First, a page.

Image and Reflection: the font at Salisbury cathedral
In a new series of blogs about images and how they inspire us, Cathy Michell, ERMC’s chaplain, reflects on a photo of the unique font at Salisbury Cathedral.
“It was whilst struggling to prepare an address for the baptism of a 13 year old girl in our congregation, that this image sprang to mind. If you visit Salisbury cathedral it’s always to this unique font in the centre of the nave, that you’ll find yourself drawn. I love it for a variety of reasons. Firstly, its water, like a still pool, is a mirror that appears black as you walk towards it but then opens up to reveal magnificent, perfect reflections of the building around and above it. Glowing windows and vaulted spaces magically appear as you gaze on the surface, changing like a kaleidoscope as you circle it. Wonderfully, by looking down you are looking up with refreshed sight.
“Secondly, I love how skilfully the designer has shaped the font so that at each of its four corners, an elegant curving spout directs an endless stream of water down from the pool to apertures in the floor of the cathedral. There the water perpetually vanishes into the mysterious space beneath. The joy of Salisbury cathedral for me is that this vast building was raised on the most shallow of foundations. Underneath the font, the cathedral’s paved floor and its great stone body, lies nothing but a few feet of emptiness grounded by a base of river gravel and the waters of a stream whose constant flow has enabled the entire structure to stand for nearly a thousand years. It is these clear waters that spring up to feed the font through which pours constant beauty, refreshment and regeneration. With the rise and fall of its subterranean river, the entire cathedral becomes a place of baptism and the font is revealed, despite its still, dark surface, to be a true place of reflection and a source of living water welling up to grant abundant life.”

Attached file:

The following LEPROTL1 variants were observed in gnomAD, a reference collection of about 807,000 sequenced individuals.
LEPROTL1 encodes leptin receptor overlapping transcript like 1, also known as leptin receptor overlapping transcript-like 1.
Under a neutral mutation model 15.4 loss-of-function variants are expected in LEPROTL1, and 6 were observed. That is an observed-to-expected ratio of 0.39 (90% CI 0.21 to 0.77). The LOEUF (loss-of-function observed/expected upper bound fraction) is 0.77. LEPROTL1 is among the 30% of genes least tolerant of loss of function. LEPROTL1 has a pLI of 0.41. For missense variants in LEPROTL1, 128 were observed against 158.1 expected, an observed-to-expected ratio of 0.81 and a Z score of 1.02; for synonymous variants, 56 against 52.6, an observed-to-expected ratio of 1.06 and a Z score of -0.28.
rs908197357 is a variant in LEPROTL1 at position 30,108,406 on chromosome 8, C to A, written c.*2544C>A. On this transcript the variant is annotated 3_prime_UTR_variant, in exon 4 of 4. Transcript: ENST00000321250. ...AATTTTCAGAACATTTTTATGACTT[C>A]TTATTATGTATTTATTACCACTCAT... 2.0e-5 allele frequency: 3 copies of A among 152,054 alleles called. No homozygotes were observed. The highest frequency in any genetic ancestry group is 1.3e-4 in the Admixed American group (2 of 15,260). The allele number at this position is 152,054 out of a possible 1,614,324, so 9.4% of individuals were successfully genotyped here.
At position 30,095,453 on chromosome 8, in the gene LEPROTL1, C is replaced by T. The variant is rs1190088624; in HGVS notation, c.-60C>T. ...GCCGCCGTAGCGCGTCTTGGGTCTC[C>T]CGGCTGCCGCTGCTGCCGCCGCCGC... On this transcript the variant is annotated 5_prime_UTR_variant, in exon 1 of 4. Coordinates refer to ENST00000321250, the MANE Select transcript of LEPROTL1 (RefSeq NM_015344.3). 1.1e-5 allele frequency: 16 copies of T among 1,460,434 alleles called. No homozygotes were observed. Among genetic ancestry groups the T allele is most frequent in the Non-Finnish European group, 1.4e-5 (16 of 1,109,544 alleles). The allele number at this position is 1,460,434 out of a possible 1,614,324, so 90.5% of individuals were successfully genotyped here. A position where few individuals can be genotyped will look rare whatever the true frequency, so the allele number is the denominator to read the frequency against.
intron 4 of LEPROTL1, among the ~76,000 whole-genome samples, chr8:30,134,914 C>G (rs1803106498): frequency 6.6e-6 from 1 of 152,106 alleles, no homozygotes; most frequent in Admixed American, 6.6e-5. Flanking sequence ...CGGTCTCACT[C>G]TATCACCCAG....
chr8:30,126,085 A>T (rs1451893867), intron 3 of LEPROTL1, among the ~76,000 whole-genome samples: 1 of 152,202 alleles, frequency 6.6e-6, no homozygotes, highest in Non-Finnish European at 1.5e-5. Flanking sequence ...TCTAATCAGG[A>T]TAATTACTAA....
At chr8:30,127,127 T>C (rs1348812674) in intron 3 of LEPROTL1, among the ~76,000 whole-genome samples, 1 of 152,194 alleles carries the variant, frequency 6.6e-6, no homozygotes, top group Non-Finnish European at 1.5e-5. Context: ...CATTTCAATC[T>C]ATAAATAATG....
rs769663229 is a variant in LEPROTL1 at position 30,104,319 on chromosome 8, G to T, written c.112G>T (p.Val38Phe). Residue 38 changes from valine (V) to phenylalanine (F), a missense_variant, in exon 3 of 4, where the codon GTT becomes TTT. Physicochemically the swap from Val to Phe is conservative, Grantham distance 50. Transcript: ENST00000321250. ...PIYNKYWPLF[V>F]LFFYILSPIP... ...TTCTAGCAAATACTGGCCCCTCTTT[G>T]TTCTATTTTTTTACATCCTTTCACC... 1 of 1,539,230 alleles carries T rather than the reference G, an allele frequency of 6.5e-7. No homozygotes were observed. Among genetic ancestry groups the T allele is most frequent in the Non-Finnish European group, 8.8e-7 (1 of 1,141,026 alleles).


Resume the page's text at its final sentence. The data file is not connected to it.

We are grateful to Tony Hisgett for this photo of the Salisbury Cathedral font.